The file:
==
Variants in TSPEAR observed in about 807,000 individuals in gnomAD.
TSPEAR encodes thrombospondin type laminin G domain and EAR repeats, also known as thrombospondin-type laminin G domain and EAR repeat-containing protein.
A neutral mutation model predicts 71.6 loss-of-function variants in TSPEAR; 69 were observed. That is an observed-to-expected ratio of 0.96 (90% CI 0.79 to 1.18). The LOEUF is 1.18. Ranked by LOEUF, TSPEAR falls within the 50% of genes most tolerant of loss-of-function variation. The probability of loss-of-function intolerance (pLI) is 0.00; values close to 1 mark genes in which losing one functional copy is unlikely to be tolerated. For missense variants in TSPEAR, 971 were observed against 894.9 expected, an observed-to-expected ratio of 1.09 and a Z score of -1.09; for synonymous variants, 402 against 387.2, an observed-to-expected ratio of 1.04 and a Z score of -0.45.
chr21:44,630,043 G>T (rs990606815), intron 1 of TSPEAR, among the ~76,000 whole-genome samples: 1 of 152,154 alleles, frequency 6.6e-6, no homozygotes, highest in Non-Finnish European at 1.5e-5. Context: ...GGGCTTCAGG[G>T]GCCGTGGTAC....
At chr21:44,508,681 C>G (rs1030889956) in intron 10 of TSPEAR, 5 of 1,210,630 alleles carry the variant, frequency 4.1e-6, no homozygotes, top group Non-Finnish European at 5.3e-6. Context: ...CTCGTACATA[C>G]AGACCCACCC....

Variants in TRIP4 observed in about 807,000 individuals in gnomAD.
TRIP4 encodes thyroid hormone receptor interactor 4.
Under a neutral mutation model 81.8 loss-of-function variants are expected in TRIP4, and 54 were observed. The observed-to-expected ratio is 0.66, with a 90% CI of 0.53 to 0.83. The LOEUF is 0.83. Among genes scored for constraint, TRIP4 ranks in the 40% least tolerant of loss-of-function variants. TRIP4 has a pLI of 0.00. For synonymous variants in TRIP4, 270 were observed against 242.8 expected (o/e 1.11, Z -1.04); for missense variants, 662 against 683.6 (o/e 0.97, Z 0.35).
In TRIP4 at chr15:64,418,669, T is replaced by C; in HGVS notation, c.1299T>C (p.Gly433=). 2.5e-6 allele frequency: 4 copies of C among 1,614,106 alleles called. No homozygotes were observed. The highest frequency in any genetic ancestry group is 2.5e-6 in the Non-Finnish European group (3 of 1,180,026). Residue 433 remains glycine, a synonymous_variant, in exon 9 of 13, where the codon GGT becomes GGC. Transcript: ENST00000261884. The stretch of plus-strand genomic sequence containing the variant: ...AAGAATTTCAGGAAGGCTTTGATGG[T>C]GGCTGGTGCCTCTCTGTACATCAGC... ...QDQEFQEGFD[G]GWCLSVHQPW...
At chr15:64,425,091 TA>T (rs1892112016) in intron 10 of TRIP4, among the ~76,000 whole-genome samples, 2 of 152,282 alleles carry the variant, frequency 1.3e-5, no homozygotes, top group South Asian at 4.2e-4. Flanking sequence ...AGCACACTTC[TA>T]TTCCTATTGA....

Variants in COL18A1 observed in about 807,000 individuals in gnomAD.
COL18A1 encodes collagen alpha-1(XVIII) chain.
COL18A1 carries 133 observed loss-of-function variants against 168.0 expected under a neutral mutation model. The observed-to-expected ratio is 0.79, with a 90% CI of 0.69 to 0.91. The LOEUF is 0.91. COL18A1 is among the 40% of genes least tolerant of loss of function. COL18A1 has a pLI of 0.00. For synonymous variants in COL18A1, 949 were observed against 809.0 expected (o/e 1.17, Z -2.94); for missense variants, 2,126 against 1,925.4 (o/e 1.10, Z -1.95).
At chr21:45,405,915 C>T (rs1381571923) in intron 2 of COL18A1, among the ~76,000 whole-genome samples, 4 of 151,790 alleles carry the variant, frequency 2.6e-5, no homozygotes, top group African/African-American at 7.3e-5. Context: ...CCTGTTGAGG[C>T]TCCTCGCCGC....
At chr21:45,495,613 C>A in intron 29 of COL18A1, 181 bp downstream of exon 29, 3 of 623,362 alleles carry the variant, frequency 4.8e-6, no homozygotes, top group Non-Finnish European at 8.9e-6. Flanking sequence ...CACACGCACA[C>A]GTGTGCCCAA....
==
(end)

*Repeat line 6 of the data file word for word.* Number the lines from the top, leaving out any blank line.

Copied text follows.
Variants in TRIP4 observed in about 807,000 individuals in gnomAD.